I appreciate your input on this and I don’t necessarily expect it to be a simple process. In fact, I am not even sure if this would even work so I am not getting my hopes high, I am just willing to experiment.
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Re: Creating a DotP Database

Postby RiiakShiNal » 15 Mar 2013, 15:15

NEMESiS wrote:I completely understand your point about having to sacrifice one option for another. I have been pondering the ability to just do the SVN system that you had mentioned and the more I think of it there is no way that we do not have to include the images. While downloading a core WAD weekly (I think nightly would be a bit excessive) how do we account for which images the end-users utilize? It is possible that 3 different user decide to use 3 different images for the same card. What kind of issues could this create? I am over thinking this? Because I think we would need to supply the image. Also, another option would be something like what thefiremind is doing here:

viewtopic.php?f=102&t=7426
No you are not over thinking anything yet. It would depend more on keying and card versions. Since from the sound of it you will be including images in the system, cards are coded to use specific images as such a card if used is bound to that image. Now using multiple images for the "same" card like Elvish Hunter could be solved simply by keying things to the multiverse id. Elvish Hunter in the Fallen Empires set has 3 images and 3 multiverse ids (1909, 1910, and 1911) as such there would be 3 "different" cards which point to a single image each. The coding of the abilities would be exactly the same as would most of the rest of the XML (except for flavour text which is different for each version). Then deck creators simply use the version (or versions if they want to spice up their deck with different images) they want. Now using multiverse id as the sole key has another problem, new cards that are released before they are put on gatherer (so we don't know the multiverse id yet). This issue could be solved by temporarily using negative multiverse ids for the database (not sure if it would work in the card XML though) or by using an internally defined key (we make up a key and use that for all records, even if we also store the multiverse id).

If you are going to do the SVN route then cleaning up, updating, and making more accessible the Community DLC SVN might be a better choice as it is already set up and that was probably the original intent. A weekly DLC is the same concept as a nightly and about the only difference would be in how frequently a wad is built. On a proper server this can be done by a batch/shell file which moves/copies files to the appropriate place and runs gibbed tools on them cleaning up afterwards, which would be called by a cron job which could easily be set up to run either weekly, nightly, monthly, etc.... You may not be able to do that on the server that the Community DLC is currently on so moving the SVN to another server may be part of updating it.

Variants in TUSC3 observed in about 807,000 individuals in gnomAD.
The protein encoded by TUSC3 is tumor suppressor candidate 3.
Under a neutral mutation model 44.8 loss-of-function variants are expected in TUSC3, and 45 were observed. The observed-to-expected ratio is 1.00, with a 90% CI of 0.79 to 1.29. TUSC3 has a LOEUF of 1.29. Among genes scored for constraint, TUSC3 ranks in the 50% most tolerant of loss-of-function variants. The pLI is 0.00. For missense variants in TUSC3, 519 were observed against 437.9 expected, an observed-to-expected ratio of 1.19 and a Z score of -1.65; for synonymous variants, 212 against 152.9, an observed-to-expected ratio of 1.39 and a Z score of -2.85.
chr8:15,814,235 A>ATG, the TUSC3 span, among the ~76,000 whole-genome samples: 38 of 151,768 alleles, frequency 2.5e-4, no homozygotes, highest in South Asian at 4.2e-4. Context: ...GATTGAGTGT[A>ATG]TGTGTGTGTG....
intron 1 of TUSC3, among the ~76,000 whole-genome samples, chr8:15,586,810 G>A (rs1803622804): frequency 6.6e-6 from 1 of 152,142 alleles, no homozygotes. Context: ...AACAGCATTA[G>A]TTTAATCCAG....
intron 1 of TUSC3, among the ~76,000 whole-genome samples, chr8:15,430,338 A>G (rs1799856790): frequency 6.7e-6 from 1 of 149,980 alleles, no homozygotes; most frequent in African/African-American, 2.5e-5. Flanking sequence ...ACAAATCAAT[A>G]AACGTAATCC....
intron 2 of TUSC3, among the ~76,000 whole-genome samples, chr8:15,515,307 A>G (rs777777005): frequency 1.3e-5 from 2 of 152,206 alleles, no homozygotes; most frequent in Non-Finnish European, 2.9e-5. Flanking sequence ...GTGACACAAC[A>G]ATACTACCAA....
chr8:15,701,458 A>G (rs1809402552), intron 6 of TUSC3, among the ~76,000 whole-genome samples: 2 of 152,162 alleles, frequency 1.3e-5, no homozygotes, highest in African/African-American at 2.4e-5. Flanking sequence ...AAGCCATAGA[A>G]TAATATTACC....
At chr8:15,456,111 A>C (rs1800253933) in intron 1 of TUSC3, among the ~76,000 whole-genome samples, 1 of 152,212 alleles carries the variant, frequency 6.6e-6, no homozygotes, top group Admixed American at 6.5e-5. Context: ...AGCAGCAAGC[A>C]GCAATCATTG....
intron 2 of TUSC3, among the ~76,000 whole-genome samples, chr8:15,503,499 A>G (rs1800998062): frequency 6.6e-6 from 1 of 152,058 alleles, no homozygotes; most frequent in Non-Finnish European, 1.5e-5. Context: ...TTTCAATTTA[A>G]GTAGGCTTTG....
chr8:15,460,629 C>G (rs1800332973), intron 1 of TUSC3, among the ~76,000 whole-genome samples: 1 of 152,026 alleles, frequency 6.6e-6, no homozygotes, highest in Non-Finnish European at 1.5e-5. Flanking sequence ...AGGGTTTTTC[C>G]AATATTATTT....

NEMESiS wrote:If a card has issues it can be added to a core fix WAD that could be centralized for most mods that are participating in this "repository and bug tracking system." I am thinking that a Core wad might get too massive (if we have to include images) to have to download it frequently.
Also since you will be including images and having a compiled WAD download hosting on a home server will probably not be recommended due to bandwidth considerations.

Though there is an option to reduce bandwidth consumption some. You split the compiled DLC into 2 WADs one contains just images for cards (this should only really change when new card images are added or a card image is replaced with a better image) and a second WAD that contains all the cards and functions (this file will probably change frequently, but will be relatively small in comparison).

NEMESiS wrote:As far as the other questions that you brought up I am going to need multiple answers from other modders on that as this is not for my own convenience but for the community as a whole. I will still answer your points with my own opinions:

At the end of the day I want this to be as simple and as convenient of a process as possible for all of us to use, if this turns out to not be the case then this project won’t work. If downloading a SVN can become too massive or inconvenient then I think version hell would be more appropriate and we can then have a Core Fix Wad as separate download to fix individual card issues. I would also be preferable to have accounts for users that want to upload data but not for those that want to download it (or read only permissions). As for the bug reporting we can have a thread where users can submit their complaints and then we can implement then separately. As far as duplicate submissions, well part of the point of this is to not have us all waste our time making the same card twice. Duplicates will have to be rejected unless the 2nd card can be proven to be better built. We could all add our own signature somewhere in the card to know who made it (if this is something anyone wants to do). Over all, I think it’s just best to allow us all (users with accounts) to just submit or created cards to the system without supervision as it would be too time consuming.
If you go the SVN route then about the only people you would actually want downloading the all the data from the SVN itself would be the actual card developers you would want end-users and deck creators downloading the compiled WADs specifically to prevent "version hell". That way when a person downloads a new version of the Card DLC they get all the properly working cards and all the decks created that use those cards will get "updated" automatically without deck creators needing to change their WADs. Much like how thefiremind and myself have our core WADs which change whenever we add or fix cards, but the deck WADs don't really change because they just reference the core. If you separate images and cards as I mentioned earlier then if a card is fixed people would only need to download just the Card WAD not re-download the images (images didn't change). This would make downloading faster for people just getting card fixes.